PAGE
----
Speaker: Health care complexity, efficiency need to increase

October 16, 2008

Students from Penn State's College of Information Sciences and Technology (IST) can play a big role in revitalizing America's health-care systems to make the efficient use of available technology, William Rouse, executive director of the Tennenbaum Institute at Georgia Tech, said Wednesday. Rouse gave the second talk in IST’s 2008-2009 Distinguished Lecture Series, held in the IST Building's Cybertorium.

Rouse said that if health-care delivery systems are made more technically complex, stakeholders in business, government and other areas can have more control over them. With that control, those entities can simplify the systems for end users -- patients and doctors. Rouse gave his cell phone to demonstrate this theory.

"There are 6,000 companies involved in the mobile telephony ecosystem," Rouse said, holding up the phone. "But for me as the end user, all I needed to decide was whether I wanted to buy the product. Health-care choice is not that simple now, but it can be if we make the back-office more complex to allow greater control over the supply chains."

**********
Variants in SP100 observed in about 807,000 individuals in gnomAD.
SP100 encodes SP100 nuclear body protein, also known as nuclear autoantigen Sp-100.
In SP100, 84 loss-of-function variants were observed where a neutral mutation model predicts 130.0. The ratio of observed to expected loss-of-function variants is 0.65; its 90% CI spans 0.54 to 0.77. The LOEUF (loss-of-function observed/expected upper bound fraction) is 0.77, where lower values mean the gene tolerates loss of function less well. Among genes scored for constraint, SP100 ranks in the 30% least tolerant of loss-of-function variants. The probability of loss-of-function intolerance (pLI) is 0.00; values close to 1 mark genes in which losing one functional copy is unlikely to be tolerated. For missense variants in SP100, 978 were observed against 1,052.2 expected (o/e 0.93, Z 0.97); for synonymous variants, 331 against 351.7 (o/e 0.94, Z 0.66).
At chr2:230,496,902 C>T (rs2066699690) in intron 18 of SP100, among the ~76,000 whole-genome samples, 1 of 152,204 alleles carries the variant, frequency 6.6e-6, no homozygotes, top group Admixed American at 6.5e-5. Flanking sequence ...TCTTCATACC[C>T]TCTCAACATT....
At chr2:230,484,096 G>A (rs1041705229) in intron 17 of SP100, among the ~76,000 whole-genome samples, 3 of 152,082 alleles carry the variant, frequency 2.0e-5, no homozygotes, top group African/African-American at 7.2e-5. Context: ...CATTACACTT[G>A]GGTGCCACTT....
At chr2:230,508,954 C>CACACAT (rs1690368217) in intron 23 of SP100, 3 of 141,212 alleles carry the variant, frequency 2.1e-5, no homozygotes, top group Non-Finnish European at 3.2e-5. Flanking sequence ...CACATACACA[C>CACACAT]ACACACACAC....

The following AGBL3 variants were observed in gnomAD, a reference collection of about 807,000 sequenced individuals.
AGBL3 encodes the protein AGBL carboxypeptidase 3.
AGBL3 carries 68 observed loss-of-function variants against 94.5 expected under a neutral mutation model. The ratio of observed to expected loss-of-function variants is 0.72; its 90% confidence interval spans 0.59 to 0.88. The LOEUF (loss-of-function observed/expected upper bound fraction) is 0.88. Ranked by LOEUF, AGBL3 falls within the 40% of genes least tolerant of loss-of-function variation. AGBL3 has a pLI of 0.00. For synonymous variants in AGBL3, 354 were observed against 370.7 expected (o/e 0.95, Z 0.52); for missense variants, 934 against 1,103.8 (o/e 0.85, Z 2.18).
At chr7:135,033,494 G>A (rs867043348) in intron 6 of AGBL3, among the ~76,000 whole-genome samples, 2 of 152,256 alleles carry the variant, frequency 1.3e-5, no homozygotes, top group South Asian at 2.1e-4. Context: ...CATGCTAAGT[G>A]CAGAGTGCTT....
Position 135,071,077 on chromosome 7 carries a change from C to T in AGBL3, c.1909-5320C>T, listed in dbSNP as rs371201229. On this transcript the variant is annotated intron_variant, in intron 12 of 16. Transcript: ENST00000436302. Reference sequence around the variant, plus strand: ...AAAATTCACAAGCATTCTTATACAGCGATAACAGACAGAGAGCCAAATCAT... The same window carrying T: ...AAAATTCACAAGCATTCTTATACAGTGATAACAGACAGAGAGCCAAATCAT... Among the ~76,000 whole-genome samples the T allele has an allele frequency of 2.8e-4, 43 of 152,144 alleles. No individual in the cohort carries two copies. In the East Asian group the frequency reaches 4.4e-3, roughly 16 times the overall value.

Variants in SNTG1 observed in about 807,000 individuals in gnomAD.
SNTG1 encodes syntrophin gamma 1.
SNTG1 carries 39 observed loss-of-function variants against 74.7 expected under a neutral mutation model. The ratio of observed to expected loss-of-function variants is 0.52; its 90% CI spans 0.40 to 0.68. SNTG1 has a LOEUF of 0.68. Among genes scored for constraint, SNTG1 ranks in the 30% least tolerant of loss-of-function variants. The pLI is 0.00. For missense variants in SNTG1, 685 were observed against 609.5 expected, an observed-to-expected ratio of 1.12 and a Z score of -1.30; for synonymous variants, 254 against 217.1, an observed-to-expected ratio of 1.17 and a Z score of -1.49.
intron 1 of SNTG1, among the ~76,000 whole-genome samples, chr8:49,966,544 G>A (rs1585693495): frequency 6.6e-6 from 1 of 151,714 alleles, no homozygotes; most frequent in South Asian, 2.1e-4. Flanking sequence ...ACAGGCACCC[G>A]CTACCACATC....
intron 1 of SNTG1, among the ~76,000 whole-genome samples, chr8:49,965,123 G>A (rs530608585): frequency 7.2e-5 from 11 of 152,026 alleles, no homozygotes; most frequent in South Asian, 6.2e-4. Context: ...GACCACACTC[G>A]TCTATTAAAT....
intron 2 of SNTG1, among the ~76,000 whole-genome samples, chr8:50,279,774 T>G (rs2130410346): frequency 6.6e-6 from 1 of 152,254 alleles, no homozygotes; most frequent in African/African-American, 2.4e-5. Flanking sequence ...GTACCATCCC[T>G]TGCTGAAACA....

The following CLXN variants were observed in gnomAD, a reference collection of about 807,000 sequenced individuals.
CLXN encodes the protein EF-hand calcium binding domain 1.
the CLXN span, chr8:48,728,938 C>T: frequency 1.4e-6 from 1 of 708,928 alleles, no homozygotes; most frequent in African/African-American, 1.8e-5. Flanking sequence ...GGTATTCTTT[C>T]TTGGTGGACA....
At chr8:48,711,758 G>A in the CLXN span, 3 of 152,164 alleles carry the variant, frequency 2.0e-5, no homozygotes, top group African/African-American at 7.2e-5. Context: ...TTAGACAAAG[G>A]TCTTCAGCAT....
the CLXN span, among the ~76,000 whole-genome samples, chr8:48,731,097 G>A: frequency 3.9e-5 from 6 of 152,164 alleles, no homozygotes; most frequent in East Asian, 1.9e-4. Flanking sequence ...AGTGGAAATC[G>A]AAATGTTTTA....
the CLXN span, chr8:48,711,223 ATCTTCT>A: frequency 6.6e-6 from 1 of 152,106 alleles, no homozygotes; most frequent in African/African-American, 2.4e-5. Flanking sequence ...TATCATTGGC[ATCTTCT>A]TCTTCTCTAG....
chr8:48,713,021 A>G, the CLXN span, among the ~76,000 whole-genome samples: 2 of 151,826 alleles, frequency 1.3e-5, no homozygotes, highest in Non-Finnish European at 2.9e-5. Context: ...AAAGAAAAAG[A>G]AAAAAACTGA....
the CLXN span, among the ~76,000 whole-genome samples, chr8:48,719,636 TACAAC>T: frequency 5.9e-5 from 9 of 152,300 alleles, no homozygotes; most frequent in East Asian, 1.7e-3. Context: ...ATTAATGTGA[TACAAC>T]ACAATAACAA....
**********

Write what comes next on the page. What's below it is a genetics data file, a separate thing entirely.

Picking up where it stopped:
Rouse said each sector of the health-care system currently works independently of each other, with hospitals functioning as separate departments rather than a cohesive unit, creating inefficiency. If these units worked together, the overall system would be able to spend less time on each patient while achieving better results.

"The efficiencies we need are enormous in order to have a health-care enterprise that produces healthy people that contribute to our competitiveness and our mutual well-being and not just people who aren’t sick, which I argue has been the goal up to this point."

IST students are the perfect people to help bring about such as change by working to improve those back-end systems.

"Recently, I've found that thought leaders from health care all over the country have said 'We've got really big problems and we need the help of you systems engineers because what we've been doing isn't working,'" Rouse said. "For those of you interested in this, there is a tremendous opportunity to get involved in solving a major national problem."

A video of Rouse's lecture can be seen on the IST Mediasite.
 

  • William Rouse, executive director of Georgia Tech's Tennenbaum Institute, spoke about health care reform Wednesday as part of IST's Distinguished Lecture Series.

    IMAGE: Jenna Spinelle

(Media Contacts)

Last Updated November 18, 2010